So, hearkening back to Dreher's assessment at the beginning of this article, it could easily be that for those whose churches have become faced with dwindling attendance and other travails, the exploding corporate chaplaincy movement could become an important contributor to the ultimate salvation and resurgence of our cherished Christian faith. 

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Market Commentary - April 2018
David Lee Smith and George Parks, CFP - Chief Investment Officer
Where Are the Economy and Markets Headed?
by David Lee Smith

The U.S. Picture  
Benchmark Interest Rate Could Rise
As my colleague - and fellow economist - George Parks noted a week or so ago, U.S. economic indicators point toward continued modest growth. And as he continued, "The Federal Reserve seems poised to continue to raise its benchmark rate at a slow, steady pace." There are, however, a couple of schools of thought regarding the pace of those hikes going forward.

One group is standing behind a contention that the Fed could become rather frisky and push rates higher at a comparatively rapid pace. While another contingent advertises that the Fed will be hard-pressed to achieve its current lofty expectations. However, as Parks also notes, a quickened increase in rates would likely result in a level near 3.75 percent within about the next two-and-a-half years. Lest that sound daunting, the benchmark rate has historically not proven to be a damper to the economy until it elevates to the 4.5 to 5.0 percent range.

Balancing Inflation and Wage Growth
Obviously, inflation will be another key to what lies ahead. If individual consumers and businesses become convinced that the inflation rate is headed northward, they'll still continue to borrow and spend. The thinking there is that they'll be making repayments with cheaper money in the future. At the same time, wage growth is in the picture, increasing at about 2.7 percent per year. And with a recent tightening of labor markets, the potential for additional wage growth becomes more plausible. At this juncture, however, the Fed is sitting in the sweet spot of its two-fold mandate of full employment and low inflation.

Earnings Expectations and Market Prices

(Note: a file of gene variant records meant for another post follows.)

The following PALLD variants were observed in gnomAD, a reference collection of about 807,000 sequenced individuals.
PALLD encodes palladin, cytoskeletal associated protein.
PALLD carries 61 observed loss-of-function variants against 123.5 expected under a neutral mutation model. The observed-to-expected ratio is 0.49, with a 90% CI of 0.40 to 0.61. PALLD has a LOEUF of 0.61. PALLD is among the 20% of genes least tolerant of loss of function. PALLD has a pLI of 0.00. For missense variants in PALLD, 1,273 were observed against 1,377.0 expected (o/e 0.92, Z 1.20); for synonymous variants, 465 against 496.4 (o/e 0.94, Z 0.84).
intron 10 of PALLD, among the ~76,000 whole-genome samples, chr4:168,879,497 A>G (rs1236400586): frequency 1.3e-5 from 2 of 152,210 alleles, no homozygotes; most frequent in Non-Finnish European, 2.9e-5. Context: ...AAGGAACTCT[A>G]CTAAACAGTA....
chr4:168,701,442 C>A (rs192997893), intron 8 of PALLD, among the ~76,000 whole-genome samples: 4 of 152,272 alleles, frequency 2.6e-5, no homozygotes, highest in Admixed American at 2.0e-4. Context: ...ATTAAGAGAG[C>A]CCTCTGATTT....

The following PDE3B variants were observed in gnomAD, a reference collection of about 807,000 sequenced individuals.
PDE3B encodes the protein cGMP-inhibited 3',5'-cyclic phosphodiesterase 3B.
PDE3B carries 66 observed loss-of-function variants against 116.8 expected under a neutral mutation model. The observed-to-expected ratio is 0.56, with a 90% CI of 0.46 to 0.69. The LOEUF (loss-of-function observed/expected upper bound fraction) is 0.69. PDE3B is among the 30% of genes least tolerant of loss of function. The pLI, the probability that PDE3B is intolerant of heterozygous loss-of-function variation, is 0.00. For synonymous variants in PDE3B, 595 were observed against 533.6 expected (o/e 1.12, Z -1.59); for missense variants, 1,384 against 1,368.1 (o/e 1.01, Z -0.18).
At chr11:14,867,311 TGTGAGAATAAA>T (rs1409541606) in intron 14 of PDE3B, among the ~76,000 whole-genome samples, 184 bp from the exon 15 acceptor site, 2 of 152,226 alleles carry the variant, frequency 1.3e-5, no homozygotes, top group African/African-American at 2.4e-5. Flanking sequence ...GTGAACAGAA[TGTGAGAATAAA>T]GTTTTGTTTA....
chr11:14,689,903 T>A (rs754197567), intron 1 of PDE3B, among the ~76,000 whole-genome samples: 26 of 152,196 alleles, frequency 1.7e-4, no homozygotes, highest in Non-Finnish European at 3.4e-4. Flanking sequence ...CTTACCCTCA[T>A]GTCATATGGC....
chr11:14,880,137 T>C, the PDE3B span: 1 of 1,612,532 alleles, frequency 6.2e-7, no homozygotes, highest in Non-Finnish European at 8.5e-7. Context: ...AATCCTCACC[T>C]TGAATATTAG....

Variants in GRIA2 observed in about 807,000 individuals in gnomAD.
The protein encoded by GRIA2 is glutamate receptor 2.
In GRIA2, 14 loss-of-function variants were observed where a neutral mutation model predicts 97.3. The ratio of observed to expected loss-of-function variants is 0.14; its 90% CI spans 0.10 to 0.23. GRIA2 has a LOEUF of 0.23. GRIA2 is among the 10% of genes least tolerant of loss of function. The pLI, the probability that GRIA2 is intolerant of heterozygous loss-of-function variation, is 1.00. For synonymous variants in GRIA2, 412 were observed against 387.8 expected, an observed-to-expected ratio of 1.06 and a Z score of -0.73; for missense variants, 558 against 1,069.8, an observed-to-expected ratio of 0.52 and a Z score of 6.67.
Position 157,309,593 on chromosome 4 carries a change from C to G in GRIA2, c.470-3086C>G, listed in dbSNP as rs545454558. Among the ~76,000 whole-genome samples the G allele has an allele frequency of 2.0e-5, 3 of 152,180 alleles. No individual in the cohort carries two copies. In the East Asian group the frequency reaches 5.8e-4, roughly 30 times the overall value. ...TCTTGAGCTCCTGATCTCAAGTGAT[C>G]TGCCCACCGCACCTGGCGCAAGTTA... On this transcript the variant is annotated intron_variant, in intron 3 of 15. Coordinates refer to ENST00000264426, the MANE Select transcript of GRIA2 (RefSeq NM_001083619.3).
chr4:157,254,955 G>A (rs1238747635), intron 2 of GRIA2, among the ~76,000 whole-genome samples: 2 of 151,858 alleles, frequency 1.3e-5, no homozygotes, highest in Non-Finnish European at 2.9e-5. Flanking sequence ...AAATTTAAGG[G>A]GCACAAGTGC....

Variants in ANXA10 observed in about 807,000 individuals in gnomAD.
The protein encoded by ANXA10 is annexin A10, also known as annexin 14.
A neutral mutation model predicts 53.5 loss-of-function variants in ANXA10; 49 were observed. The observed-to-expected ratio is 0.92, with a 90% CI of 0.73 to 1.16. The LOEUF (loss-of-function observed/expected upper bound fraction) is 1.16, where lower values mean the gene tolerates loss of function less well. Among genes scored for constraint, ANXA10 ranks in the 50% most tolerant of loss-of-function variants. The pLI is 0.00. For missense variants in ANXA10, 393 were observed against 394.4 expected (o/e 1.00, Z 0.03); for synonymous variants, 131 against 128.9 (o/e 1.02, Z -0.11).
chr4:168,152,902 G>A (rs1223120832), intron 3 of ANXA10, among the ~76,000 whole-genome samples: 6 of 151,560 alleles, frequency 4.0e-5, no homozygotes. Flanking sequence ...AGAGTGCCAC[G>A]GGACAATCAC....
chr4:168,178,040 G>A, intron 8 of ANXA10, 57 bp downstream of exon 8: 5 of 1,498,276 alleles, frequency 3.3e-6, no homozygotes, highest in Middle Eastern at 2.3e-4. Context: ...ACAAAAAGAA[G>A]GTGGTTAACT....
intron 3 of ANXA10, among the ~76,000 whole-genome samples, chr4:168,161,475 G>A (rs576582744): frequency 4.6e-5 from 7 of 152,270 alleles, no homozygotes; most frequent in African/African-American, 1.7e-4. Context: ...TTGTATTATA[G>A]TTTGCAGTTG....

At the start of the current earnings season, equities appeared to be fully priced, if not a touch over-priced. But given the economic circumstance described above, along with the already-emerging benefits of the newly-passed tax act, earnings expectations remain optimistic. If those expectations are met, higher stock prices could be in the offing. But should earnings ultimately fail to meet those same optimistic expectations, the opposite could probably be the result.

Historically, market prices have far exceeded the fundamentals before returning to, and usually falling far below, a fair value. Over the next decade, the probability is that the market is likely to exhibit a noticeable upward slope. And as Parks advises, "Just figure out how much volatility you can afford, and enjoy the ride."."

International Factors
Global Insecurities
As everyone recognizes by now, the world's economies are becoming progressively more affected by global issues. So, while the above analysis deals exclusively with possibilities here at home, the world is full of booby-traps that could materially impact the U.S. in a variety of ways. For instance, it doesn't require an abundance of sagacity to realize that North Korea might toss a monkey wrench into the world's relative tranquility. Much will depend upon the possible meeting between U.S. President Donald Trump and Korea's Kim Jong-un, should such an event occur.

And then there's the now long-lasting civil war in Syria, a client state of Russia and Iran. Where that figurative conflagration is headed is currently anyone's guess. But it's highly unlikely that Russia's Vladimir Putin and President Donald Trump will soon be seen enjoying a libation together in an upscale Manhattan restaurant. And it also remains at least a strong possibility that Trump will ex-out his predecessor's nuclear deal with Iran. That's an event that could occur as early as May.

Trade Policies
As to trade with China, possessor of the world's second-largest economy, Trump is threatening to slap as much as a $150 billion annual tariff on Chinese goods coming into the U.S. There is, however, a strong probability that U.S. Treasury Secretary Steven Mnuchin will head for China in an undisclosed timeframe. His objective: simply to settle down affairs between the two countries vis-à-vis trade.

Potential Brexit Fallout
And finally, there exists the possibility of a rumbling in Europe related to Brexit, the U.K.'s decision to secede from the European Union. There clearly is a chance that British Prime Minister Theresa May could be forced to keep her country in the European Union's Customs Union, thereby negating a "clean cut" with the Union. Such an outcome could bring on a cabinet revolt, and potentially a crisis, as Brexit-backing ministers would likely consider it a betrayal, since it would effectively amount to a handing over to remaining European Union nations a significant say-so over Britain's trade policy.